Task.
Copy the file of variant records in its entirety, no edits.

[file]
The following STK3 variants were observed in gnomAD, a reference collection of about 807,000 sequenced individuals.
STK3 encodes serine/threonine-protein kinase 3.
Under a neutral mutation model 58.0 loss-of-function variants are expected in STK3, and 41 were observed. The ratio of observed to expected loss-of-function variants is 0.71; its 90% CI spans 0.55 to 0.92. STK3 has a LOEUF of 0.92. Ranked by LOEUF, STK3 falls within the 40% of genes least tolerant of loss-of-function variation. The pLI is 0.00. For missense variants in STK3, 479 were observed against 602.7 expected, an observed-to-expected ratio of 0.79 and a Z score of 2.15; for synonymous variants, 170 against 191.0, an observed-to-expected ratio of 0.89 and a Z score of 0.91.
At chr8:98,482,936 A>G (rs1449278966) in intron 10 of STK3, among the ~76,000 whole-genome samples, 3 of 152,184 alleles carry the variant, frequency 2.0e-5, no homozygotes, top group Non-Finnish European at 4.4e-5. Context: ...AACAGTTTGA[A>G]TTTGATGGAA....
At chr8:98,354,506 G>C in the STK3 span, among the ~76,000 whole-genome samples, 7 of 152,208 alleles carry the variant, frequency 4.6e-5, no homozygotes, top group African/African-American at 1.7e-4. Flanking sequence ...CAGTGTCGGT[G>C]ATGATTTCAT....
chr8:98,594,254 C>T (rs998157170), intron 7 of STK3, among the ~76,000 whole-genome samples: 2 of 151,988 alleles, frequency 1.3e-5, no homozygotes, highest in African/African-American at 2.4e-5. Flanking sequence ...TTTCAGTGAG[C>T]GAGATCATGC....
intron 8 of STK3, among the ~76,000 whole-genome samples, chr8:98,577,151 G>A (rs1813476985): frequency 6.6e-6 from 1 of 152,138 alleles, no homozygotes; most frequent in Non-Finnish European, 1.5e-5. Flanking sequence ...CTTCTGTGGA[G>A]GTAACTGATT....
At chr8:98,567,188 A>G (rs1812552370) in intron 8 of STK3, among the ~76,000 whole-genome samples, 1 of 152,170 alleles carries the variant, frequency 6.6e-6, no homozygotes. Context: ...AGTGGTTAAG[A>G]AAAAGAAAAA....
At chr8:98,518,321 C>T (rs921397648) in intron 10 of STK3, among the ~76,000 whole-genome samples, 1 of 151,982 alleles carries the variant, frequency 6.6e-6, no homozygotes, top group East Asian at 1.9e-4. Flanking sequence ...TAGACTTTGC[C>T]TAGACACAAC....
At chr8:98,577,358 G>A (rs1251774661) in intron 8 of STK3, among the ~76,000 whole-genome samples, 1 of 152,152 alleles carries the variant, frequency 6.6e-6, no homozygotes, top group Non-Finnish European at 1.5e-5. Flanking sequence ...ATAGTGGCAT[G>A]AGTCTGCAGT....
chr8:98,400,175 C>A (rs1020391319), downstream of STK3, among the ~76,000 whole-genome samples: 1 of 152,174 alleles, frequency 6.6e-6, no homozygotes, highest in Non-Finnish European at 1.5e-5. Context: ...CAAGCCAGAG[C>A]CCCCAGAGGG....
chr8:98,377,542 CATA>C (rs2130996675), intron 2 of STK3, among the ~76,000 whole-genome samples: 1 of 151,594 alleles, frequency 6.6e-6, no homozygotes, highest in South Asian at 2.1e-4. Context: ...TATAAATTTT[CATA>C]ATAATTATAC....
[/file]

The following STK3 variants were observed in gnomAD, a reference collection of about 807,000 sequenced individuals.
STK3 encodes serine/threonine-protein kinase 3.
Under a neutral mutation model 58.0 loss-of-function variants are expected in STK3, and 41 were observed. The ratio of observed to expected loss-of-function variants is 0.71; its 90% CI spans 0.55 to 0.92. STK3 has a LOEUF of 0.92. Ranked by LOEUF, STK3 falls within the 40% of genes least tolerant of loss-of-function variation. The pLI is 0.00. For missense variants in STK3, 479 were observed against 602.7 expected, an observed-to-expected ratio of 0.79 and a Z score of 2.15; for synonymous variants, 170 against 191.0, an observed-to-expected ratio of 0.89 and a Z score of 0.91.
At chr8:98,482,936 A>G (rs1449278966) in intron 10 of STK3, among the ~76,000 whole-genome samples, 3 of 152,184 alleles carry the variant, frequency 2.0e-5, no homozygotes, top group Non-Finnish European at 4.4e-5. Context: ...AACAGTTTGA[A>G]TTTGATGGAA....
At chr8:98,354,506 G>C in the STK3 span, among the ~76,000 whole-genome samples, 7 of 152,208 alleles carry the variant, frequency 4.6e-5, no homozygotes, top group African/African-American at 1.7e-4. Flanking sequence ...CAGTGTCGGT[G>C]ATGATTTCAT....
chr8:98,594,254 C>T (rs998157170), intron 7 of STK3, among the ~76,000 whole-genome samples: 2 of 151,988 alleles, frequency 1.3e-5, no homozygotes, highest in African/African-American at 2.4e-5. Flanking sequence ...TTTCAGTGAG[C>T]GAGATCATGC....
intron 8 of STK3, among the ~76,000 whole-genome samples, chr8:98,577,151 G>A (rs1813476985): frequency 6.6e-6 from 1 of 152,138 alleles, no homozygotes; most frequent in Non-Finnish European, 1.5e-5. Flanking sequence ...CTTCTGTGGA[G>A]GTAACTGATT....
At chr8:98,567,188 A>G (rs1812552370) in intron 8 of STK3, among the ~76,000 whole-genome samples, 1 of 152,170 alleles carries the variant, frequency 6.6e-6, no homozygotes. Context: ...AGTGGTTAAG[A>G]AAAAGAAAAA....
At chr8:98,518,321 C>T (rs921397648) in intron 10 of STK3, among the ~76,000 whole-genome samples, 1 of 151,982 alleles carries the variant, frequency 6.6e-6, no homozygotes, top group East Asian at 1.9e-4. Flanking sequence ...TAGACTTTGC[C>T]TAGACACAAC....
At chr8:98,577,358 G>A (rs1251774661) in intron 8 of STK3, among the ~76,000 whole-genome samples, 1 of 152,152 alleles carries the variant, frequency 6.6e-6, no homozygotes, top group Non-Finnish European at 1.5e-5. Flanking sequence ...ATAGTGGCAT[G>A]AGTCTGCAGT....
chr8:98,400,175 C>A (rs1020391319), downstream of STK3, among the ~76,000 whole-genome samples: 1 of 152,174 alleles, frequency 6.6e-6, no homozygotes, highest in Non-Finnish European at 1.5e-5. Context: ...CAAGCCAGAG[C>A]CCCCAGAGGG....
chr8:98,377,542 CATA>C (rs2130996675), intron 2 of STK3, among the ~76,000 whole-genome samples: 1 of 151,594 alleles, frequency 6.6e-6, no homozygotes, highest in South Asian at 2.1e-4. Context: ...TATAAATTTT[CATA>C]ATAATTATAC....